by Larry Fyffe
Taken as a whole, the metonymic motifs in the songs of Bob Dylan are not nearly as fragmented as they first appear.
Mythologists, poets, writers, and other artists, speak up for the languageless, for the ‘silent’, Cosmos – once thought made up of the basic elements of wind, water, fire and earth.
The Sun in ancient Greek/Roman mythology is personified as Apollo; he’s masculine, rational, fiery and prone to war.
Influenced by Emanuel Swedenborg, poet and engraver William Blake goes further; presents Apollo as Urizen; gnostic-like, he’s a sinful and bloodied Demiurge who overlooks dark Satanic Mills down on earth.
He’s grouped in with Deists, and with Satan of the Holy Bible:
Then the Divine Vision like a silent sun appeared above
Setting ... in clouds of blood (William Blake: Jerusalem)
Los (Sol spelled backwards) represents fallen man; he’s a blacksmith, an artist, who struggles in the prison of a dark world to spread some light:
The blow of his hammer is justice The swing of his hammer mercy (William Blake: Jerusalem)
Dominant-seeking Venus, from mythology, for Blake be disharmonious Eniharmon.
She has a motherly side that’s revealed in the song lyrics below:
My love she speaks like silence Without ideals or violence She doesn't have to say she's faithful Yet she's true, like ice, like fire (Bob Dylan: Love Minus Zero)
According to Blake, the modern world has been led astray by rationalists, corrupted – imagination lost.
There’s a dark earthy side to Enilhamon that fails to console under such circumstances:
Well, the road is rocky, and the hillside's mud Up over my head nothing but clouds of blood I found my own, I found my one in you But your love hasn't proved true (Bob Dylan: Cold Irons Bound)
Los is lost in Blake’s poetry, locked outside as he is with the once-perfect Eve who’s been seduced by Satan, both locked outside the Gates of Eden:
The silent sun He's got me on the run Burning a hole in my brain I'm dreaming of you That's all I do But it's driving me insane (Bob Dylan: Dreaming Of You)
Perhaps it’s just William Blake’s esoteric poetry that Los is dreaming about, and his trying to untangle what the preRomanic poet is getting at, that’s driving Bob Dylan insane.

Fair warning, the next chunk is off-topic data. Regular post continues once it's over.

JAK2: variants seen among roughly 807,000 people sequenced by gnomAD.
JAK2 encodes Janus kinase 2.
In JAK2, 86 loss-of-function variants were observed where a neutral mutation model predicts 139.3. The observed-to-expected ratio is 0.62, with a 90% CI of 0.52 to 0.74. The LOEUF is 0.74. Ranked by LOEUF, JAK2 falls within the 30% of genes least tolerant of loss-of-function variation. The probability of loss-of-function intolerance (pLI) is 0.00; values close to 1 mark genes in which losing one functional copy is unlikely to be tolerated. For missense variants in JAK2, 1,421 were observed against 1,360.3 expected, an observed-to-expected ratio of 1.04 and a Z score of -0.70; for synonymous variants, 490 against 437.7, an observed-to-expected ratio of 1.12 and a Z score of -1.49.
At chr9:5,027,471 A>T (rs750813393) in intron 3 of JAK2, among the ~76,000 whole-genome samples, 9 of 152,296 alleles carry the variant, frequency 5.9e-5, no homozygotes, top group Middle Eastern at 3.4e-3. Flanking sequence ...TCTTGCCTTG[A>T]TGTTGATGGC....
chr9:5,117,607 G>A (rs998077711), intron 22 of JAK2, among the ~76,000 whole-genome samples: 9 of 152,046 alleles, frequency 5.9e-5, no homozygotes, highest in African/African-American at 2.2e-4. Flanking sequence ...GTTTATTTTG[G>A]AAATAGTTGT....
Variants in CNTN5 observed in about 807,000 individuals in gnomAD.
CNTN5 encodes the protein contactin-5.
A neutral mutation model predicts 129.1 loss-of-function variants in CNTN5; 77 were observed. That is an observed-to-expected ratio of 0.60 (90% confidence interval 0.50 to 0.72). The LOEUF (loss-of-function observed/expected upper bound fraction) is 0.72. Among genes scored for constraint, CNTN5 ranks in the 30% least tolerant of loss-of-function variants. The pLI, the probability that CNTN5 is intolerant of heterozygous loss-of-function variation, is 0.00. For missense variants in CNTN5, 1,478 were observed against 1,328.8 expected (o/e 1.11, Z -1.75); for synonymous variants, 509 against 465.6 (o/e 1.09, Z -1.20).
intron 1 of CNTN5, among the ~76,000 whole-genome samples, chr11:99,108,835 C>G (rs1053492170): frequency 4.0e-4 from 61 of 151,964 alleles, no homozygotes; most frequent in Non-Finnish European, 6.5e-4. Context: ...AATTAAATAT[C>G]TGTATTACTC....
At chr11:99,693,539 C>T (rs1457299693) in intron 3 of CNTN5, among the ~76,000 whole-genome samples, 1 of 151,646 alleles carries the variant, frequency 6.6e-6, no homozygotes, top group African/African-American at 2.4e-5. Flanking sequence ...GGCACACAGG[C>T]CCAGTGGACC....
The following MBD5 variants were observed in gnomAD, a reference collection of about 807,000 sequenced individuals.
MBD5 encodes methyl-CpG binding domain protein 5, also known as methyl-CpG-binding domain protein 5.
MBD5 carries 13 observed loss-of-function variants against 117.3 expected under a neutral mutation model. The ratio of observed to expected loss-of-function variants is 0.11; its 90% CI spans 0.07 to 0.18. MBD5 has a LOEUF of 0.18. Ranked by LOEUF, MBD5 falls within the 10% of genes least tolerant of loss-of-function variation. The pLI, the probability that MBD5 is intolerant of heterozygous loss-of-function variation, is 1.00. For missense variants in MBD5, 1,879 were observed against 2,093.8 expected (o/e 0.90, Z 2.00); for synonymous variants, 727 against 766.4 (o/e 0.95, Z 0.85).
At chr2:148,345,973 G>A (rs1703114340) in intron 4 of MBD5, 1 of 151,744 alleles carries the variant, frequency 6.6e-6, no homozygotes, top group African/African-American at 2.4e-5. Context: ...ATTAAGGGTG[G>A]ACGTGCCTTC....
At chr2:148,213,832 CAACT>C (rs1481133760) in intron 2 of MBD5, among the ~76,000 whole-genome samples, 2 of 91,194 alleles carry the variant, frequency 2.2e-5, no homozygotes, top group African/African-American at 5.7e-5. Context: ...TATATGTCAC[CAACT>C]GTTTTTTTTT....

Bob Dylan Is Los (Part II)
An American Neo-Transcendentist poet accepts noisy modern city life for the most part; it’s a sign of human progress.
But has fond memories of the presentation by forgoing Transcendentalist writers of a peaceful countryside where the beauty of Nature inspires them.
No way is there a reason to become a dark Existentialist:
Give me the splendid silent sun with his beams full-dazzling (Walt Whitman: Leaves Of Grass)
In the following song lyrics quoted, the narrator therein, Mani-like, casts a sceptical eye on an idealistic pastoral place of light wherein awaits a caring, loving woman, a Diana symbolized by the white moon.
Dylan takes an obverse view of such an Eden (preRomantic poet William Blake even dresses sun-god Apollo, Diana’s twin brother, in the cloak of Satan).
Below, for all intents and purposes, music-loving Apollo is missing; he neither sings nor plays his lyre, makes not a sound.
Trapped inside the gates of Paradise Lost is not a nice place to be:
The silent sun Has got me on the run (Bob Dylan: Dreaming Of You)
According to the Holy Bible, even when short, silence be a harbinger of worse things to come:
And when he opened the seventh seal There was a silence in heaven About the space of half an hour (Revelation 8:1)
Similarly in the following song lyrics – the narrator’s been stranded alone with Diana. Alas, she has a dark side as well as a light side.
No more an inspiring female muse, she’s gone missing too:
The light in this place Is really bad (Bob Dylan: Dreaming Of You)
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